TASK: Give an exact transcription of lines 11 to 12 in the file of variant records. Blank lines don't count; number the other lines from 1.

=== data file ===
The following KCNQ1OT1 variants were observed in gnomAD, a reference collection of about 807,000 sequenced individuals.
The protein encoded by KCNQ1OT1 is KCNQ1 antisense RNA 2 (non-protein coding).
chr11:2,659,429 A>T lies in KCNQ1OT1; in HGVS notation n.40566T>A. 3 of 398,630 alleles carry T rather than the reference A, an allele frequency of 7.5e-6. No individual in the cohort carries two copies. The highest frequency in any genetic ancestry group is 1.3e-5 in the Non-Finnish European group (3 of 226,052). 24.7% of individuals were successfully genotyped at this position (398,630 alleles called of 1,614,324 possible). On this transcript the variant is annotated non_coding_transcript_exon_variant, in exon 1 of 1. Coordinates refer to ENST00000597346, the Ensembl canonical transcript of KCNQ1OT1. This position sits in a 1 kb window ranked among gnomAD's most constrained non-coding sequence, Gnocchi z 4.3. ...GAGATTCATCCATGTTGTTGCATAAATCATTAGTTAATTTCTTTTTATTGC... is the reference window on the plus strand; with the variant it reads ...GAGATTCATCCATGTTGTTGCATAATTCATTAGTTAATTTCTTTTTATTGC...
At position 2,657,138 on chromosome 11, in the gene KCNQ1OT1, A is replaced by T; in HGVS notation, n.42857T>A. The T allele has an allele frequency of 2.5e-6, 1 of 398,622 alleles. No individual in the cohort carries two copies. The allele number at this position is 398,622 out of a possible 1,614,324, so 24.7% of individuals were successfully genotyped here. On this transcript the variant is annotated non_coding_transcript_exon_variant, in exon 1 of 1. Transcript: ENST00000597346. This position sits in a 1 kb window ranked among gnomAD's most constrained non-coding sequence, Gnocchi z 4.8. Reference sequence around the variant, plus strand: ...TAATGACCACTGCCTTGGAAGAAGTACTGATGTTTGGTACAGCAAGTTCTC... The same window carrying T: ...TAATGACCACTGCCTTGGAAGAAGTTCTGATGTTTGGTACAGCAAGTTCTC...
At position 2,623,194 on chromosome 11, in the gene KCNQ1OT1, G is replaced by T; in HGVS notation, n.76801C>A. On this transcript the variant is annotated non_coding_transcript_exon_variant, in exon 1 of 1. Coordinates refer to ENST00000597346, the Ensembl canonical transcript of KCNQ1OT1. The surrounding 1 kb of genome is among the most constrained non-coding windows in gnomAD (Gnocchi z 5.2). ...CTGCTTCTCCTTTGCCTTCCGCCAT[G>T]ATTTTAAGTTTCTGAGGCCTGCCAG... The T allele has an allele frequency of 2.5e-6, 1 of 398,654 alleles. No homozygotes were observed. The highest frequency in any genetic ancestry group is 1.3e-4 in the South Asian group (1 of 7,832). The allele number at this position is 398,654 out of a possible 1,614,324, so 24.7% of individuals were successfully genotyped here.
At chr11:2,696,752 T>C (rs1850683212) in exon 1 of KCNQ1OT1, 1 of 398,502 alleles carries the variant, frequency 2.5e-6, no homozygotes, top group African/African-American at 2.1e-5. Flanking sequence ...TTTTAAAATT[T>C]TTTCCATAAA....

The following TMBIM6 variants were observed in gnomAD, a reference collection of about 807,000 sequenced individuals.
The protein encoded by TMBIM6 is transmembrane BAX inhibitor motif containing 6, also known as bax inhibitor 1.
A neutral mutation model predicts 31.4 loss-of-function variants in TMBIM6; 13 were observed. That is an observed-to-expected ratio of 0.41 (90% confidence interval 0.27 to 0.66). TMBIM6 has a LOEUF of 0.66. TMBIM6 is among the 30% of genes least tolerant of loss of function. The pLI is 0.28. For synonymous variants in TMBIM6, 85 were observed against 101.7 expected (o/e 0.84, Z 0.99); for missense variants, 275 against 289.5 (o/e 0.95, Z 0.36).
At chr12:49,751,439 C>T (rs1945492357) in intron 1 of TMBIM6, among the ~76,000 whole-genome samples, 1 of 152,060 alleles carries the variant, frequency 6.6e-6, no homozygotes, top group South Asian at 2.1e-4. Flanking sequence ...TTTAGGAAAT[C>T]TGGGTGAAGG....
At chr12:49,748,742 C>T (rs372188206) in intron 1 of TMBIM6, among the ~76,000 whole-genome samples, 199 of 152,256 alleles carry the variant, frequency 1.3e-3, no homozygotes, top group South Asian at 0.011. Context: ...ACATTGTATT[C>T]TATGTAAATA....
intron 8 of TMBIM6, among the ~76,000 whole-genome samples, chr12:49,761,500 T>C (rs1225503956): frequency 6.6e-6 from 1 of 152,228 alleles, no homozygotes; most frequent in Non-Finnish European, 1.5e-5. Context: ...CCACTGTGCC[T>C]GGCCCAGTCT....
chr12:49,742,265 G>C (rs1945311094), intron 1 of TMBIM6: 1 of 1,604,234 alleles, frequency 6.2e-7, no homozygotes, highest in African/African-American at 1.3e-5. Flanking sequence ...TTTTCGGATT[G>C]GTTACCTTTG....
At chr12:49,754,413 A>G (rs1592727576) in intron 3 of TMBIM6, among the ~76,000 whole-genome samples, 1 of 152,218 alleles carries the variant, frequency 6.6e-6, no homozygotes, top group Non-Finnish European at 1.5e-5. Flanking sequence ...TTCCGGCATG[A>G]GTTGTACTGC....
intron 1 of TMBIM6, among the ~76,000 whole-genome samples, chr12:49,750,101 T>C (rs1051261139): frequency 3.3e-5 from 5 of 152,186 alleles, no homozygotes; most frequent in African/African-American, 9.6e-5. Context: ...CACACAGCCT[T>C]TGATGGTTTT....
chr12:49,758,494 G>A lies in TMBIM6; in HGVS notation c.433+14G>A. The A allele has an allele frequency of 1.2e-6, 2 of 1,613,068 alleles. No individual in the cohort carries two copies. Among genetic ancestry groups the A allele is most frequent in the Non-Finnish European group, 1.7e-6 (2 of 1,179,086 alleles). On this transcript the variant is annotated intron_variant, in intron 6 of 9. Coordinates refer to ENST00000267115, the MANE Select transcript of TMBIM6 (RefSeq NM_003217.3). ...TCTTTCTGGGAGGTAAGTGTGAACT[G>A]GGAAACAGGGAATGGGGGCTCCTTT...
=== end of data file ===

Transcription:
At chr12:49,748,742 C>T (rs372188206) in intron 1 of TMBIM6, among the ~76,000 whole-genome samples, 199 of 152,256 alleles carry the variant, frequency 1.3e-3, no homozygotes, top group South Asian at 0.011. Context: ...ACATTGTATT[C>T]TATGTAAATA....
intron 8 of TMBIM6, among the ~76,000 whole-genome samples, chr12:49,761,500 T>C (rs1225503956): frequency 6.6e-6 from 1 of 152,228 alleles, no homozygotes; most frequent in Non-Finnish European, 1.5e-5. Context: ...CCACTGTGCC[T>C]GGCCCAGTCT....